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Harvard Forest Symposium Abstract 2009

  • Title: Canopy Phenology, Remote Sensing, and Microclimate
  • Primary Author: Mark Friedl (Boston University)
  • Additional Authors: Nathan Phillips (Boston University)
  • Abstract:

    Our research at the Harvard Forest walk-up tower site examines how seasonality of canopy leaf area, or canopy phenology, influences, and is influenced by, local climate. As part of this activity we are studying methods for (and limits to) remote sensing of canopy phenology. To address this research topic, we have initiated measurements to quantify how radiation fluxes through a deciduous forest canopy are modified by seasonal canopy leaf dynamics. We continuously measure above- and below-canopy radiation fluxes at a variety of spectral bands (shortwave, photosynthetic, and thermal infrared) and with digital photography. These measurements provide a surrogate measure of canopy leaf area dynamics, and directly represent the radiation component of the surface energy balance. To build on these measurements, future plans are to include measurements water balance (using soil moisture, precipitation measurements, and tree sap flow sensors). These measurements will complement ongoing microclimate and eddy covariance measurements of water and carbon exchange at the EMS flux tower. This research extends previous efforts examining sap-flux dynamics by one of the co-investigators (Phillips) and builds on previous and ongoing research at Harvard Forest.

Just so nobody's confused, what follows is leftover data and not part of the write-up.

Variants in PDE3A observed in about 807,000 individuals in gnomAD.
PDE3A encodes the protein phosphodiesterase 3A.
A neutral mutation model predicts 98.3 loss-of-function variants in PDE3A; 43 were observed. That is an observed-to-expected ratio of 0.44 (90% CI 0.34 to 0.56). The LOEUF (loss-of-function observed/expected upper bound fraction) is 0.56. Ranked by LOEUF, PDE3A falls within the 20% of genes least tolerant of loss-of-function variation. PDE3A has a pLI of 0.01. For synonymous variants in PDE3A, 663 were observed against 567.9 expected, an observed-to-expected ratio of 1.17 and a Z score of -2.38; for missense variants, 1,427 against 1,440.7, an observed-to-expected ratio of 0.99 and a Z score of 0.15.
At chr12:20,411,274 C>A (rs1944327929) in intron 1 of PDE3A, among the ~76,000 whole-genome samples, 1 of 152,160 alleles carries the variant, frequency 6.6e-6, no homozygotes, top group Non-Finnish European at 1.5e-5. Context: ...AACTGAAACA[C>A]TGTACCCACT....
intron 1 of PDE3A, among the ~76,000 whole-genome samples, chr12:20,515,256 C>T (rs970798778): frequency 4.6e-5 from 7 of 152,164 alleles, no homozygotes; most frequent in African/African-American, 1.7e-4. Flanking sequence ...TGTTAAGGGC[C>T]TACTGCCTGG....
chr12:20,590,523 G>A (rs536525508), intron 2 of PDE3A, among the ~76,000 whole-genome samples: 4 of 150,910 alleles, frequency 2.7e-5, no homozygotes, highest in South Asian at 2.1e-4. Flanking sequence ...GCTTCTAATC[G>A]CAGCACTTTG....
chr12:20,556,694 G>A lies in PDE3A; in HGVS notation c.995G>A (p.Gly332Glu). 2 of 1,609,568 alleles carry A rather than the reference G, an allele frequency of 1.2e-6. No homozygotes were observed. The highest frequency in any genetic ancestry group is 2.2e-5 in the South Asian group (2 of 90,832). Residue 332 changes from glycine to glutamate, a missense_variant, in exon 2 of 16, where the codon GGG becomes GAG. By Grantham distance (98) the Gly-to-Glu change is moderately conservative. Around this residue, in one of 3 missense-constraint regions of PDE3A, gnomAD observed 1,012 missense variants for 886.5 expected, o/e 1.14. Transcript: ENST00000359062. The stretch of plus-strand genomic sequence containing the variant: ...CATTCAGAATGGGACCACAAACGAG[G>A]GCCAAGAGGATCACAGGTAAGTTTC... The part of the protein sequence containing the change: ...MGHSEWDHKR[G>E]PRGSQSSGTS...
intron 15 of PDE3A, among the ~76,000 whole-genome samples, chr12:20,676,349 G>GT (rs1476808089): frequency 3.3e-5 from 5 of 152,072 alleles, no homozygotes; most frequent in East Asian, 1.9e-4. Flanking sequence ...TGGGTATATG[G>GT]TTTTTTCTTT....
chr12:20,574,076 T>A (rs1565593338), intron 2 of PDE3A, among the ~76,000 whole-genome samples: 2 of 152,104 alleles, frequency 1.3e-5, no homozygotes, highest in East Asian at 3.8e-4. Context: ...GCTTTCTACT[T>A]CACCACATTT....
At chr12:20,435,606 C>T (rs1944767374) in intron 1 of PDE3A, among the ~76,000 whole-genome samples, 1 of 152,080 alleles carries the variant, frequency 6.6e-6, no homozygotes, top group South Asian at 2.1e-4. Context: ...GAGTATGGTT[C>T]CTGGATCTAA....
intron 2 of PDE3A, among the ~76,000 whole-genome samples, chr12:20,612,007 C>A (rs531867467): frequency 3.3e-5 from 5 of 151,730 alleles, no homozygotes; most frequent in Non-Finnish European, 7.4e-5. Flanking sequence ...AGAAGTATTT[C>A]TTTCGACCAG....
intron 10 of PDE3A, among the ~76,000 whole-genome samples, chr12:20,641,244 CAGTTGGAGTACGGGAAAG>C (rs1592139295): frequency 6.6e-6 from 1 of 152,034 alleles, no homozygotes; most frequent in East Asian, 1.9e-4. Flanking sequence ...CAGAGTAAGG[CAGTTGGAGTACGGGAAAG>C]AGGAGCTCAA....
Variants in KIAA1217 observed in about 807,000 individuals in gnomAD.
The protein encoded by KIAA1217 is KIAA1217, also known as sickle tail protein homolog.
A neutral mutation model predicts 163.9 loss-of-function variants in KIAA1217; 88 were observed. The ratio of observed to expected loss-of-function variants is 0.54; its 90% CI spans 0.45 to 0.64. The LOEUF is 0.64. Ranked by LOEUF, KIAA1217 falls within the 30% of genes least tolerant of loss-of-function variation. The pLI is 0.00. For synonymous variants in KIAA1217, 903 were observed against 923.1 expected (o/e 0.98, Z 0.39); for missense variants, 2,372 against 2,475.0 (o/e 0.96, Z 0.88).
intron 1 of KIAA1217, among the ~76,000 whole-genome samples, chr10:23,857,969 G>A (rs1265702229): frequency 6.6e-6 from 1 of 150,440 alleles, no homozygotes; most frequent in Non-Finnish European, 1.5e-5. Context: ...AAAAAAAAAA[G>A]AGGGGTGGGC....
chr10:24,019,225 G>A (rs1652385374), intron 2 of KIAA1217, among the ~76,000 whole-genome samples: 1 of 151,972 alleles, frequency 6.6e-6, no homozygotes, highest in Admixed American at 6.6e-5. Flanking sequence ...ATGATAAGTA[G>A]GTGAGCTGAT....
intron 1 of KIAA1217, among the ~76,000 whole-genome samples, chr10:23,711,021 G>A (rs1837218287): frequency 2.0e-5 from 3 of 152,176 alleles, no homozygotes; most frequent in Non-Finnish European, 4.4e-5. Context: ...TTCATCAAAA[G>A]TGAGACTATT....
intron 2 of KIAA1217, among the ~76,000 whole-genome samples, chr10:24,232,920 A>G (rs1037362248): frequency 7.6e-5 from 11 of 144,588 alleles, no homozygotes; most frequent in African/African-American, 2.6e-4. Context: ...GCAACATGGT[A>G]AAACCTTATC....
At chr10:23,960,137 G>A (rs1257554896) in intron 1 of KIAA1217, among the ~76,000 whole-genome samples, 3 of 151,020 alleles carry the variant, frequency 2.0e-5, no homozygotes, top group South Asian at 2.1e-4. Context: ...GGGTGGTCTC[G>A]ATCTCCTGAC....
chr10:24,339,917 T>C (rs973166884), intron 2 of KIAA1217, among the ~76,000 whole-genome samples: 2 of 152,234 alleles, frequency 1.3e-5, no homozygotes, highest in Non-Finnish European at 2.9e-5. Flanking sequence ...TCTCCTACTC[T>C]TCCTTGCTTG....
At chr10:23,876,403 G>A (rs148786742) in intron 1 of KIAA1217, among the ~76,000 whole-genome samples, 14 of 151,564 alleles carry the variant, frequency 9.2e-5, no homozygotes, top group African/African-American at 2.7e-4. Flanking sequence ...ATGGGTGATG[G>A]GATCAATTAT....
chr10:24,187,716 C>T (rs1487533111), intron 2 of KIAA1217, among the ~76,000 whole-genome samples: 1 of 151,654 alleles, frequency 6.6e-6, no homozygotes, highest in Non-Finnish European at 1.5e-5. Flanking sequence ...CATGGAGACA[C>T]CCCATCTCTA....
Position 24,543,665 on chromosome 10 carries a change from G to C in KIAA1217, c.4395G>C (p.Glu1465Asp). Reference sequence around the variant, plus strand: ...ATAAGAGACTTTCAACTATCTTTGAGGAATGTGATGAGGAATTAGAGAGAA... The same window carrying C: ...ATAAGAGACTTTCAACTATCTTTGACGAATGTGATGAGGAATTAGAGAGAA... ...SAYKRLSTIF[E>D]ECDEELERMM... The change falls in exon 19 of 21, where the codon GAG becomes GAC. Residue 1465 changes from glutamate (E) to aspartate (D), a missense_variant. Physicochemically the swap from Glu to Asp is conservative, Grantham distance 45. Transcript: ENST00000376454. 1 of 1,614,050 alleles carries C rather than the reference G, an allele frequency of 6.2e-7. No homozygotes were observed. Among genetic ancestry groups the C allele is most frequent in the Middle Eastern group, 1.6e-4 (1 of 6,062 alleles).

• Research Category: Forest-Atmosphere Exchange